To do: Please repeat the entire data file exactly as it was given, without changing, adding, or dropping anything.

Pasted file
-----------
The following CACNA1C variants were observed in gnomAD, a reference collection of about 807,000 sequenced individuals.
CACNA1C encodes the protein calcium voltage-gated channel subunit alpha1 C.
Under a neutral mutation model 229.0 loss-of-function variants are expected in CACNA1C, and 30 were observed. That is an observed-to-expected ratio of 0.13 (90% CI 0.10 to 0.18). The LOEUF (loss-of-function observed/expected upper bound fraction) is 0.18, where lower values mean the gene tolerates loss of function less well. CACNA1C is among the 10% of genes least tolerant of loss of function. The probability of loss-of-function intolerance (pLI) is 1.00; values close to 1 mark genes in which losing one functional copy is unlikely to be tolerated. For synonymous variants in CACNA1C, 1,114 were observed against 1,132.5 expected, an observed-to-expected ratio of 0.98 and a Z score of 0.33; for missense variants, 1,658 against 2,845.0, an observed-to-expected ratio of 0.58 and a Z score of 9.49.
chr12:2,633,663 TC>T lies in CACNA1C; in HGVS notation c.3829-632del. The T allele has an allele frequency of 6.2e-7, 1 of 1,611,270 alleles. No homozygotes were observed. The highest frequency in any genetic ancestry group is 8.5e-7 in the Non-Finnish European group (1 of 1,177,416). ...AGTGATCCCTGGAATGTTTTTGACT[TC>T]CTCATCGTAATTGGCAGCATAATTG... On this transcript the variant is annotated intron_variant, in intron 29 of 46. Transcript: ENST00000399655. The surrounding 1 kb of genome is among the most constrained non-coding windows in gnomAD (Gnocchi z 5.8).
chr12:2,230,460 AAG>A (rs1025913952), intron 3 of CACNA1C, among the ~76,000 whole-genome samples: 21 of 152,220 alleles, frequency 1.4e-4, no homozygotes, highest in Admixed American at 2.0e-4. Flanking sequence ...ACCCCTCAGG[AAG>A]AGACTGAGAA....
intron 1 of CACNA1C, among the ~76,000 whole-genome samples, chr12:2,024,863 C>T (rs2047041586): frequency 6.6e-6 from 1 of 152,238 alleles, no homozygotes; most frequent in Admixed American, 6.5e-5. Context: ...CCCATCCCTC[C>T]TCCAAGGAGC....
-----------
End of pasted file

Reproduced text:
The following CACNA1C variants were observed in gnomAD, a reference collection of about 807,000 sequenced individuals.
CACNA1C encodes the protein calcium voltage-gated channel subunit alpha1 C.
Under a neutral mutation model 229.0 loss-of-function variants are expected in CACNA1C, and 30 were observed. That is an observed-to-expected ratio of 0.13 (90% CI 0.10 to 0.18). The LOEUF (loss-of-function observed/expected upper bound fraction) is 0.18, where lower values mean the gene tolerates loss of function less well. CACNA1C is among the 10% of genes least tolerant of loss of function. The probability of loss-of-function intolerance (pLI) is 1.00; values close to 1 mark genes in which losing one functional copy is unlikely to be tolerated. For synonymous variants in CACNA1C, 1,114 were observed against 1,132.5 expected, an observed-to-expected ratio of 0.98 and a Z score of 0.33; for missense variants, 1,658 against 2,845.0, an observed-to-expected ratio of 0.58 and a Z score of 9.49.
chr12:2,633,663 TC>T lies in CACNA1C; in HGVS notation c.3829-632del. The T allele has an allele frequency of 6.2e-7, 1 of 1,611,270 alleles. No homozygotes were observed. The highest frequency in any genetic ancestry group is 8.5e-7 in the Non-Finnish European group (1 of 1,177,416). ...AGTGATCCCTGGAATGTTTTTGACT[TC>T]CTCATCGTAATTGGCAGCATAATTG... On this transcript the variant is annotated intron_variant, in intron 29 of 46. Transcript: ENST00000399655. The surrounding 1 kb of genome is among the most constrained non-coding windows in gnomAD (Gnocchi z 5.8).
chr12:2,230,460 AAG>A (rs1025913952), intron 3 of CACNA1C, among the ~76,000 whole-genome samples: 21 of 152,220 alleles, frequency 1.4e-4, no homozygotes, highest in Admixed American at 2.0e-4. Flanking sequence ...ACCCCTCAGG[AAG>A]AGACTGAGAA....
intron 1 of CACNA1C, among the ~76,000 whole-genome samples, chr12:2,024,863 C>T (rs2047041586): frequency 6.6e-6 from 1 of 152,238 alleles, no homozygotes; most frequent in Admixed American, 6.5e-5. Context: ...CCCATCCCTC[C>T]TCCAAGGAGC....